How Well Do You Communicate with Decision Makers? Take the Quiz

Do you compete for funding?   Get asked to inform policy makers?  Or have to seek support from decision makers to advance your research? Today it is more vital than ever for scientists to be effective communicators and advocates for their work.

Decision makers, who have the power to turn scientific ideas into impact, often must choose between multiple opportunities for investing their resources. So scientists from every discipline need to be champions who can effectively make their case to advance their work. Getting decision makers to say yes takes a combination of communication, influence and relationship-building skills. Do you have what it takes? Take the quiz to find out.

Select the answers that best describe how often you take these actions. If you want to learn how to improve these skills, explore the Championing Science site and join our mailing list to receive occasional updates.


1.I provide a big picture view of why my science matters before diving into the details.
2.I help decision makers understand what inspired me to pursue my scientific work.
3.I start conversations by discussing the need before I describe what I can offer.
4.I approach communication opportunities with a clear purpose and carefully crafted message.
5.I determine what I want decision makers to think, feel and do after they hear from me.
6.I dry run my presentations with colleagues to test the clarity of my communication.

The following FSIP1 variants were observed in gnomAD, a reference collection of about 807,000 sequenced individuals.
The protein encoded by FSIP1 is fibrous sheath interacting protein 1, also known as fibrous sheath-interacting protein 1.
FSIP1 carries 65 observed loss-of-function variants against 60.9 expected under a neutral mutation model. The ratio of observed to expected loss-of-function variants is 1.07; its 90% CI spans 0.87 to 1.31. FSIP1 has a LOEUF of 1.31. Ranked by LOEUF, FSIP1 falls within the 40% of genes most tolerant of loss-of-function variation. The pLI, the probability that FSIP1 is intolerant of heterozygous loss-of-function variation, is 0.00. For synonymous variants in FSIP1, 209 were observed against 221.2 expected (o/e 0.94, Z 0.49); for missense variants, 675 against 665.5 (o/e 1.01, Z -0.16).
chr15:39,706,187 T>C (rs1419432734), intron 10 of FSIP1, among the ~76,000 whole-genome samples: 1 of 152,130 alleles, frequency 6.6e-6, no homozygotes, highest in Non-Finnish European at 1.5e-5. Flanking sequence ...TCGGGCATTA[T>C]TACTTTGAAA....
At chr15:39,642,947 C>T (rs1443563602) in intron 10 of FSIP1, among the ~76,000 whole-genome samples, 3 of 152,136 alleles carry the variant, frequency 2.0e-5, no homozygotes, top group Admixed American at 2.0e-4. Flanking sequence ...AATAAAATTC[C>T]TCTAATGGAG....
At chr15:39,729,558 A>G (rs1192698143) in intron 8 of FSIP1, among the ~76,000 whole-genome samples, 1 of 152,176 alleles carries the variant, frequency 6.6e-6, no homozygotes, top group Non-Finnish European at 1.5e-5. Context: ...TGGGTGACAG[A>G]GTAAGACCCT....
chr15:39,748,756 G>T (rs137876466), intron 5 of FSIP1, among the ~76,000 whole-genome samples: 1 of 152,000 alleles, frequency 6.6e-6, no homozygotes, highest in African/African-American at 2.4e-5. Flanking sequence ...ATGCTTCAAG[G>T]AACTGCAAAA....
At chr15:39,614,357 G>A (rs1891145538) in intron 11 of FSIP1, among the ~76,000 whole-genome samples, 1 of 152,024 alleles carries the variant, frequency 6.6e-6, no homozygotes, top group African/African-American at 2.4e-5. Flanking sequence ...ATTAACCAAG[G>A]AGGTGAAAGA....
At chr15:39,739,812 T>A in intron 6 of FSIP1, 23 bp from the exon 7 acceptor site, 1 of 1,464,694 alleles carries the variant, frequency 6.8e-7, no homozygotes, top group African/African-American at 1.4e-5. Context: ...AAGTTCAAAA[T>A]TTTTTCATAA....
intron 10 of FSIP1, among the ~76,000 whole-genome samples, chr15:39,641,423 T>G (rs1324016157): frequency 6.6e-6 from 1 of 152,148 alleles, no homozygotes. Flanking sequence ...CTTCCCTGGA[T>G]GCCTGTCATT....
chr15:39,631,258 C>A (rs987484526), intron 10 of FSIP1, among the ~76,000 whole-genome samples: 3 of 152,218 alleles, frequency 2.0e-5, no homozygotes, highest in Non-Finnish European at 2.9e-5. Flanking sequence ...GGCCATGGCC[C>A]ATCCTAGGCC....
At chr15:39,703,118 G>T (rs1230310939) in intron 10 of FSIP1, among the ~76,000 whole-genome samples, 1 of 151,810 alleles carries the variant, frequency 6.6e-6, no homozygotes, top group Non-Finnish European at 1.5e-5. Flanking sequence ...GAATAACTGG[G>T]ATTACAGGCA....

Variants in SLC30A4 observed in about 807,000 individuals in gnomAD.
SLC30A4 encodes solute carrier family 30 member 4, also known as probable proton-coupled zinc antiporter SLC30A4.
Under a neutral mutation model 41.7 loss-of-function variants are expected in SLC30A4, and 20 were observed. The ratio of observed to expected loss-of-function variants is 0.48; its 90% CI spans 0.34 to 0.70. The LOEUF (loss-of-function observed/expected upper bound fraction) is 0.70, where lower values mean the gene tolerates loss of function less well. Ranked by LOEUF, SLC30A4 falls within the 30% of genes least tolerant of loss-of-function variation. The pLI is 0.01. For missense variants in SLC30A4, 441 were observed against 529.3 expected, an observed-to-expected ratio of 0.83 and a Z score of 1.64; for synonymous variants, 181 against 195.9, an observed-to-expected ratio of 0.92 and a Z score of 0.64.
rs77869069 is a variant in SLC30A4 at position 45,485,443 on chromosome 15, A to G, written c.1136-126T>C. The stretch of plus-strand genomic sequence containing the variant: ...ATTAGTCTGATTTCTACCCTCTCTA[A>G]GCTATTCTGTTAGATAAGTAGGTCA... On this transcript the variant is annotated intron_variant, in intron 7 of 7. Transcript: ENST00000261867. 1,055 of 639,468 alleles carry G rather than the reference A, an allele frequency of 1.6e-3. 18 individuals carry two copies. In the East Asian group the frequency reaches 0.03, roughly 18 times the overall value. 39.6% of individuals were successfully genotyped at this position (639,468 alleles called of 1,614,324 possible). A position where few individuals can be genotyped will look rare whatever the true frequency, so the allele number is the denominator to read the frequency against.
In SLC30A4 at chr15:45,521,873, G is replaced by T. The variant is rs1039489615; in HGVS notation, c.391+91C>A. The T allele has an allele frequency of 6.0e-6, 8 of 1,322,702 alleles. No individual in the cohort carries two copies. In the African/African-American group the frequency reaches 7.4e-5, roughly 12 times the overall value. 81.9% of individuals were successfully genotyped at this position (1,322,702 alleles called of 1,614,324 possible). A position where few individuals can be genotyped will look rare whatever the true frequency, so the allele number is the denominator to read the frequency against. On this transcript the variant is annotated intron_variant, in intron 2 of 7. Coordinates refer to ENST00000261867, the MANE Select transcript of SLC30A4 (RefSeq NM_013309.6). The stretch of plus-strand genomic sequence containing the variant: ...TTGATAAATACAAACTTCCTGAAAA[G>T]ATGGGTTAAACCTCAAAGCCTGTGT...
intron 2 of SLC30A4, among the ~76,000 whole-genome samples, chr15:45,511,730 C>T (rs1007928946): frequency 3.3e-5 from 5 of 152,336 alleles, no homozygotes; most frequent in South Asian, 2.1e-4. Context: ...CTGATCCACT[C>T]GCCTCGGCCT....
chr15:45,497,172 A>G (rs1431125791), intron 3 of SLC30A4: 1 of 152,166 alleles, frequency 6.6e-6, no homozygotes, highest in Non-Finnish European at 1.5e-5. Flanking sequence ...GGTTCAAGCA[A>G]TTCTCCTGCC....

7.I seek to understand my listeners' perspective on my science before I offer mine.
8.I discuss my work by explaining its value in terms the decision makers uses and understands.
9.I provide information to sponsors and funders in the format that they prefer.
10.I use plain, common language to discuss my science with decision makers.
11.I avoid or translate acronyms and jargon.
12.I use iconic analogies to anchor scientific concepts to everyday familiar experiences.
13.I speak in short sentences.
14.I acknowledge what is known and what is unknown about my area of science.
15.I make the effort to build long-term, mutually beneficial relationships with decision makers.
16.I seek out advisors, influencers and partners who can help carry my science further.
17.I allot ample time to prepare for meetings with decision makers.
18.I assess my listener’s reaction to my message and adjust accordingly.
19.I make a specific ask whenever I speak to decision makers.
20.I only ask for the kind of support that the decision maker has the authority to provide.